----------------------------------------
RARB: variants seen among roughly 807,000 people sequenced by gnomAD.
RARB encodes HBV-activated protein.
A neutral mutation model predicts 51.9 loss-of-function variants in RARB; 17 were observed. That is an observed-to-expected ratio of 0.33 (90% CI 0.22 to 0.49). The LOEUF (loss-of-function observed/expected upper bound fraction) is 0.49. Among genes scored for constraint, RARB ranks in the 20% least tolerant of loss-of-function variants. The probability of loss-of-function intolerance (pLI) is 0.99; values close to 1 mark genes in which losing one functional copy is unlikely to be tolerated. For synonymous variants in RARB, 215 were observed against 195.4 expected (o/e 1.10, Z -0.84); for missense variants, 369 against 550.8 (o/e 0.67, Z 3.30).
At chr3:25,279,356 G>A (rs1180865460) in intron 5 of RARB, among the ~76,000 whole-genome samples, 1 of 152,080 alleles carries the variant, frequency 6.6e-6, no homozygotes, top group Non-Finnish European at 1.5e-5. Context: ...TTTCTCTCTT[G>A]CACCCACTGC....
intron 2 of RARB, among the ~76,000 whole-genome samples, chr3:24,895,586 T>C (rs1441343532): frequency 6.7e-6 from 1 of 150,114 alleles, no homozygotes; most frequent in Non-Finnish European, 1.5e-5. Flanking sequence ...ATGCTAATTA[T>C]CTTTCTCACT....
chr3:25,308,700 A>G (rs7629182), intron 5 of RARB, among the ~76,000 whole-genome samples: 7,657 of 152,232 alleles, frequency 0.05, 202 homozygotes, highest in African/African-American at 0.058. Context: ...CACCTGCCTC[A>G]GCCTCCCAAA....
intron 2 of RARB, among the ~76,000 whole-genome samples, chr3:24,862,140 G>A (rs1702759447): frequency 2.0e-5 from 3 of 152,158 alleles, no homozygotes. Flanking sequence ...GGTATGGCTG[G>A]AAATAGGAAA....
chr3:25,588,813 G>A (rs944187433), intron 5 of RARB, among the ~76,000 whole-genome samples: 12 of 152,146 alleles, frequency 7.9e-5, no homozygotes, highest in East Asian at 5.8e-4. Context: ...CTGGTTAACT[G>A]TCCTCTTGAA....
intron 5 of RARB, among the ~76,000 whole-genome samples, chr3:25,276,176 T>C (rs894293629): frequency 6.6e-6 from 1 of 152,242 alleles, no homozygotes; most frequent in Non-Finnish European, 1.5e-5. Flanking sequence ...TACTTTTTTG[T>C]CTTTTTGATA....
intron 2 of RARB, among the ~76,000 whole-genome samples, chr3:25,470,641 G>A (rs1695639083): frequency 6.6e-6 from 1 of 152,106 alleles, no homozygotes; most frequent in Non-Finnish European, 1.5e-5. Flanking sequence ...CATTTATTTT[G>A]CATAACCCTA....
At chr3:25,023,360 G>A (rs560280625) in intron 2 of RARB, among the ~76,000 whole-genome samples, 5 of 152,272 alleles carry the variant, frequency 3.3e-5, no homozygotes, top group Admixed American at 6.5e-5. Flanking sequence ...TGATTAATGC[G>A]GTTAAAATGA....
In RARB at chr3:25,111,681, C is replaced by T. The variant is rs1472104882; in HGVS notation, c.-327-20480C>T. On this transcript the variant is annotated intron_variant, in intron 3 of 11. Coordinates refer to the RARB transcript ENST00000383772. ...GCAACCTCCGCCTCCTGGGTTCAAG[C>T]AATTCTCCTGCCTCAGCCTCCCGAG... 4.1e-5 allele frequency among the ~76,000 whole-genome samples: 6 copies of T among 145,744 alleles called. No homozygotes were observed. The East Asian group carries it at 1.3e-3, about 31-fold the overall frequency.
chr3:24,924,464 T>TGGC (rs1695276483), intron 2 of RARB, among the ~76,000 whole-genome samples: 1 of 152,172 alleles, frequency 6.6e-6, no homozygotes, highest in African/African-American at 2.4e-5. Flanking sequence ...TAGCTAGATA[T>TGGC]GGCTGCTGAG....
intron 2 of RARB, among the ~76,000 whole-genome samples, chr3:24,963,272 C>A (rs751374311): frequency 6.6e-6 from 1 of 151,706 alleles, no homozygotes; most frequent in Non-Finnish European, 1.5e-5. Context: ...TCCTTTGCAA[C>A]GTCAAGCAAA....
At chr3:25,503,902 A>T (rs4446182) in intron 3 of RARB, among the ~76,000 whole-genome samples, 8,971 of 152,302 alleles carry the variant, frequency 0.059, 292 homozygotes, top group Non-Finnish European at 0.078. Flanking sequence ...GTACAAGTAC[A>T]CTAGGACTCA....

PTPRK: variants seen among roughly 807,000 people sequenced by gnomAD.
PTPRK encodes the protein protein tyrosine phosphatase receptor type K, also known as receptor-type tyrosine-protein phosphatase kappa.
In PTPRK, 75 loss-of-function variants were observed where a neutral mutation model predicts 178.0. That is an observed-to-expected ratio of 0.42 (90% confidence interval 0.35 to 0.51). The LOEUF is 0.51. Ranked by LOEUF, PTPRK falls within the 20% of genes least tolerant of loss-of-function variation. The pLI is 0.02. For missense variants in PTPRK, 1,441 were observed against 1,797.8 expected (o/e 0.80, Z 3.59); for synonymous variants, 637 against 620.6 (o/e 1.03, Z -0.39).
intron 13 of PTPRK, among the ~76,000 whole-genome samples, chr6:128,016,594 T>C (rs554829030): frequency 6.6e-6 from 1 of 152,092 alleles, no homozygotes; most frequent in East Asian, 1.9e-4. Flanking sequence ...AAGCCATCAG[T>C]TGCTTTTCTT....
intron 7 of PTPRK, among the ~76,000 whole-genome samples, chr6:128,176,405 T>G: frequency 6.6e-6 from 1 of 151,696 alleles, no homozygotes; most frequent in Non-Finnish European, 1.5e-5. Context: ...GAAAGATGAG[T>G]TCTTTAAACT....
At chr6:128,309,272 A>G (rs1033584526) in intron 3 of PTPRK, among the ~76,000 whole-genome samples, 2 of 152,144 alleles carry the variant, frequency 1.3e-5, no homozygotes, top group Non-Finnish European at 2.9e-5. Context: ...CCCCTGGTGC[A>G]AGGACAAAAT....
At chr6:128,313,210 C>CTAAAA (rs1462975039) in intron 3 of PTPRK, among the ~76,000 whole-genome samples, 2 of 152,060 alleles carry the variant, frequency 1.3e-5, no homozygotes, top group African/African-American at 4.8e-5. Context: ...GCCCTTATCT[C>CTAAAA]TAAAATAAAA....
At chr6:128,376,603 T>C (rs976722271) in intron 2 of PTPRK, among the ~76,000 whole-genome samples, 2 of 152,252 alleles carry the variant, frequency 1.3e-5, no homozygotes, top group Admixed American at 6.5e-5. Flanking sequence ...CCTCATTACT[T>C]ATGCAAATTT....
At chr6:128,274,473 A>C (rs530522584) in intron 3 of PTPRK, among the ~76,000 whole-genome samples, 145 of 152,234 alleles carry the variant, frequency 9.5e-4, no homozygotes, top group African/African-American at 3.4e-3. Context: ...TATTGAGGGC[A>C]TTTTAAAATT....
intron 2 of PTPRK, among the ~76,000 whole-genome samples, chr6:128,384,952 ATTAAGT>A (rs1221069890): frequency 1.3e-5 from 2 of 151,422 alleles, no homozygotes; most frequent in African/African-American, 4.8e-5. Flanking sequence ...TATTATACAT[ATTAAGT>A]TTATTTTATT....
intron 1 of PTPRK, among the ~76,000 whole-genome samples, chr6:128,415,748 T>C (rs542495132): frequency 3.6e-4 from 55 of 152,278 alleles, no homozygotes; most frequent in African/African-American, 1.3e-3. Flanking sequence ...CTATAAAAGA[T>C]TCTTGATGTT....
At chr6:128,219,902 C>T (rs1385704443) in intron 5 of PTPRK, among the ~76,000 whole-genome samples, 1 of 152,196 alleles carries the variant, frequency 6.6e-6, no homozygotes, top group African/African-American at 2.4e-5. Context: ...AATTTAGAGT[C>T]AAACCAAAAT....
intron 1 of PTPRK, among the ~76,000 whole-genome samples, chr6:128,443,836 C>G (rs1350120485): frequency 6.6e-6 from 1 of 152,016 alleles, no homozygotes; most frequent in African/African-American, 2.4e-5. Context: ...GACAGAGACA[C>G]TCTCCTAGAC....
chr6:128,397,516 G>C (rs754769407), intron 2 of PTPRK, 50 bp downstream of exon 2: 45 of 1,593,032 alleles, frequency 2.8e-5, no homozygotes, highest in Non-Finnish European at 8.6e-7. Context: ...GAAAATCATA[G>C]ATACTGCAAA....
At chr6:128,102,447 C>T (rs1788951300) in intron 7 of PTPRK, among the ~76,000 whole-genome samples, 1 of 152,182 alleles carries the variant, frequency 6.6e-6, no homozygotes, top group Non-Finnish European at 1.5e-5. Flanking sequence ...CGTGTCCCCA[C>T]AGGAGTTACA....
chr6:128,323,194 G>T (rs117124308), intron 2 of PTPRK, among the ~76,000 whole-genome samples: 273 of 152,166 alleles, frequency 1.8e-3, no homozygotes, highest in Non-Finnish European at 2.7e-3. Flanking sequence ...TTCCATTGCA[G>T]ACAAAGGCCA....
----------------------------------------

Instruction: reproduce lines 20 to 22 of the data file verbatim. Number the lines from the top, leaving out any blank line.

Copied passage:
intron 7 of PTPRK, among the ~76,000 whole-genome samples, chr6:128,176,405 T>G: frequency 6.6e-6 from 1 of 151,696 alleles, no homozygotes; most frequent in Non-Finnish European, 1.5e-5. Context: ...GAAAGATGAG[T>G]TCTTTAAACT....
At chr6:128,309,272 A>G (rs1033584526) in intron 3 of PTPRK, among the ~76,000 whole-genome samples, 2 of 152,144 alleles carry the variant, frequency 1.3e-5, no homozygotes, top group Non-Finnish European at 2.9e-5. Context: ...CCCCTGGTGC[A>G]AGGACAAAAT....
At chr6:128,313,210 C>CTAAAA (rs1462975039) in intron 3 of PTPRK, among the ~76,000 whole-genome samples, 2 of 152,060 alleles carry the variant, frequency 1.3e-5, no homozygotes, top group African/African-American at 4.8e-5. Context: ...GCCCTTATCT[C>CTAAAA]TAAAATAAAA....